For most babies, the ability to hear clearly is the foundation for the development of speech and language, which then supports the development of social, emotional, and academic skills. Any amount of time without access to sound could lead to delays in development.

Importance of the Early Identification of Childhood Hearing Loss:newborn baby

Not all babies with hearing loss show obvious signs of the difficulty they have with hearing and understanding speech. For this reason, the Centers for Disease Control (CDC) recommends that all babies get screened for hearing loss before they are one month old. Most babies have their hearing checked as part of a newborn screening before they leave the hospital after birth.

If your baby doesn’t pass the newborn hearing screening, it doesn’t always mean they have hearing loss. But they need a full hearing test from a qualified audiologist with pediatric experience as soon as possible before three months old. A full hearing test can help your baby’s healthcare provider diagnose hearing loss.

Causes and Risk Factors

Possible causes of childhood hearing loss include:
  • Genes may play a role in about half of the cases of hearing loss in babies and children. Some babies with a genetic cause for their hearing loss might have family members who also have a hearing loss. baby & mother
  • Premature birth or low birthweight. Premature babies often have more health problems (like hearing loss) at birth and later in life than babies born full term. 
  • Viruses and infections during pregnancy. You can pass certain viruses and infections to your baby during pregnancy that may cause hearing loss in your baby. These include: 
    • Cytomegalovirus (CMV). This is a common virus that can cause a sore throat, fever, swollen glands and fatigue (feeling tired all the time).
    • Herpes
    • Measles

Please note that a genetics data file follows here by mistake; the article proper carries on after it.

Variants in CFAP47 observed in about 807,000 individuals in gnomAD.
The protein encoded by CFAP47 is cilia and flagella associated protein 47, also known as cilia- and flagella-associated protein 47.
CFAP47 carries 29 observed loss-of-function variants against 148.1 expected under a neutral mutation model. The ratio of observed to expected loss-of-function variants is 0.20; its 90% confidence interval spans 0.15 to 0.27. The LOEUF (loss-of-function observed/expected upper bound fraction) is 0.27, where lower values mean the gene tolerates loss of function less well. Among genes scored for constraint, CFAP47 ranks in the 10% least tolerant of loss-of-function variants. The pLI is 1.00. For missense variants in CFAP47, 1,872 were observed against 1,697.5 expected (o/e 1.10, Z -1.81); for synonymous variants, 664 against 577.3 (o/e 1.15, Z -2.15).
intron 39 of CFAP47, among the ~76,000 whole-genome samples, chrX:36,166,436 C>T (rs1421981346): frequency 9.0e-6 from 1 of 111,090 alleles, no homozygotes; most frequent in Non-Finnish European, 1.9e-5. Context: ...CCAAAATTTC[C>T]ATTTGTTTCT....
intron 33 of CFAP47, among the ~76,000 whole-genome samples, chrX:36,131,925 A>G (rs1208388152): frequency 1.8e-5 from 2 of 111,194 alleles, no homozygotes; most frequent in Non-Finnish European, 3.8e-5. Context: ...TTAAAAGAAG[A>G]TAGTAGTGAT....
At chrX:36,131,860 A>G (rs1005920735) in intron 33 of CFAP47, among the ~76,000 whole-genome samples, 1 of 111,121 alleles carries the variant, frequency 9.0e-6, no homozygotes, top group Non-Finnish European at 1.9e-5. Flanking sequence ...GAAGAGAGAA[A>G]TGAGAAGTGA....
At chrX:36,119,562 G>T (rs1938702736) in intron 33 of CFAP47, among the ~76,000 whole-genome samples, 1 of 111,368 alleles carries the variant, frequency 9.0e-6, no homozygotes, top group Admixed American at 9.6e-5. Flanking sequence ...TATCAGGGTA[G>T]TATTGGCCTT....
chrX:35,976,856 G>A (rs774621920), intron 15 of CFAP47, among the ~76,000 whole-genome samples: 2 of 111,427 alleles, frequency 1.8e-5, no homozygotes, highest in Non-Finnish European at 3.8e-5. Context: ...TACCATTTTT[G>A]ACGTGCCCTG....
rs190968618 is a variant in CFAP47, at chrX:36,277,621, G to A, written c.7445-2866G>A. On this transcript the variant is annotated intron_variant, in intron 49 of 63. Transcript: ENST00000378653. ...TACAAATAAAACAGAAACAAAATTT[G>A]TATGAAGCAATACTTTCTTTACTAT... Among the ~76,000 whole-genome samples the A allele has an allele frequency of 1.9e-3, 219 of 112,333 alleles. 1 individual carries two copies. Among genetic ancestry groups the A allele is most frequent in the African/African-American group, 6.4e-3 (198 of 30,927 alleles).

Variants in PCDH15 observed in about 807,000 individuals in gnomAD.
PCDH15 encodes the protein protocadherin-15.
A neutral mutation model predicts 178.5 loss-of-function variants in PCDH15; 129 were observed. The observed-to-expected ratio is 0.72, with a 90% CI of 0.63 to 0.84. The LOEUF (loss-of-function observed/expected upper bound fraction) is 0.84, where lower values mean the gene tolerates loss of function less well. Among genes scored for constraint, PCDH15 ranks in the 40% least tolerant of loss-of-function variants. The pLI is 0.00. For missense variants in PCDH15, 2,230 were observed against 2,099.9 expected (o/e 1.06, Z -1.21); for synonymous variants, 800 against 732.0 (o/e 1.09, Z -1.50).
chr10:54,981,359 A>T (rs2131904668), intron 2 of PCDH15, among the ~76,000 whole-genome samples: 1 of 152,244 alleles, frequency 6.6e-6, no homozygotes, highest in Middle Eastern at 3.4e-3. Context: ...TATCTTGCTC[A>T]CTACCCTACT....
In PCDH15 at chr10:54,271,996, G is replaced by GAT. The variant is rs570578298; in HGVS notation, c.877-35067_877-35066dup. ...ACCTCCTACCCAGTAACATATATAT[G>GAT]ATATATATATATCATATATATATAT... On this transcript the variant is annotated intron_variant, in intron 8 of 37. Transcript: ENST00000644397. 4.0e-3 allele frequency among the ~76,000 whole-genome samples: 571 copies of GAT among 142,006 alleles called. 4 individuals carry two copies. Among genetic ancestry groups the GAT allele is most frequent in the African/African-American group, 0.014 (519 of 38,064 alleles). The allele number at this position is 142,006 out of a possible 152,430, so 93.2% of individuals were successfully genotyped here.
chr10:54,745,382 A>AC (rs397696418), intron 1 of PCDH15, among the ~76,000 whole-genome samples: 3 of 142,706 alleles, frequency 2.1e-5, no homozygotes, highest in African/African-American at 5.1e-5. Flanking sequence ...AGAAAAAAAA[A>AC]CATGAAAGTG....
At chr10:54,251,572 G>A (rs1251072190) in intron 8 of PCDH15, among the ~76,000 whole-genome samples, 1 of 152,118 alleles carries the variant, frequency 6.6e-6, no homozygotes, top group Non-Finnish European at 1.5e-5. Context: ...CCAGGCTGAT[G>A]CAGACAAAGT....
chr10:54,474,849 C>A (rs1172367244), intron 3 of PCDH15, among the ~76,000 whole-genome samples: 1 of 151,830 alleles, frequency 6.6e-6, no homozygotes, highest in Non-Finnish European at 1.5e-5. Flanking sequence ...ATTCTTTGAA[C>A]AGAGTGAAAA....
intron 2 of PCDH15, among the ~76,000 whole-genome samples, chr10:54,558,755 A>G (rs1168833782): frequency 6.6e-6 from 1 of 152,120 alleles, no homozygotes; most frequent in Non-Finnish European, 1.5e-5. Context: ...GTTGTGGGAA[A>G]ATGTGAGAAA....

• Rubella (also called German measles) 
  • Birth defects that change the shape or structure of ears, head or face, may cause hearing problems. 
  • Infections your baby has after birth.  
Protecting Hearing

A baby's hearing is very sensitive and can be easily damaged by loud sounds. A baby's ear canals are much smaller than an adult’s. When sounds enter the canal they become more intense.
  • Noisy toys and games can cause hearing damage.
  • If a toy sounds loud to an adult, it is much louder to a baby or child.
  • Toys should not exceed 80 to 85 decibels.
If your child has been diagnosed with hearing loss or you see signs of potential hearing impairments, the Pennsylvania Ear Institute can help. If follow-up testing shows a hearing loss, the next step will be developing an intervention plan, which may include medical treatment,toddler wearing headphones additional testing, or hearing aids. It is important to begin this process as early as possible. Your baby’s development in the first few months of life is crucial for communication and cognitive development.

Early screening, diagnosis and treatment can help children with hearing loss develop speech, language and social skills. 

Contact us today to schedule an appointment with one of our pediatric audiologists.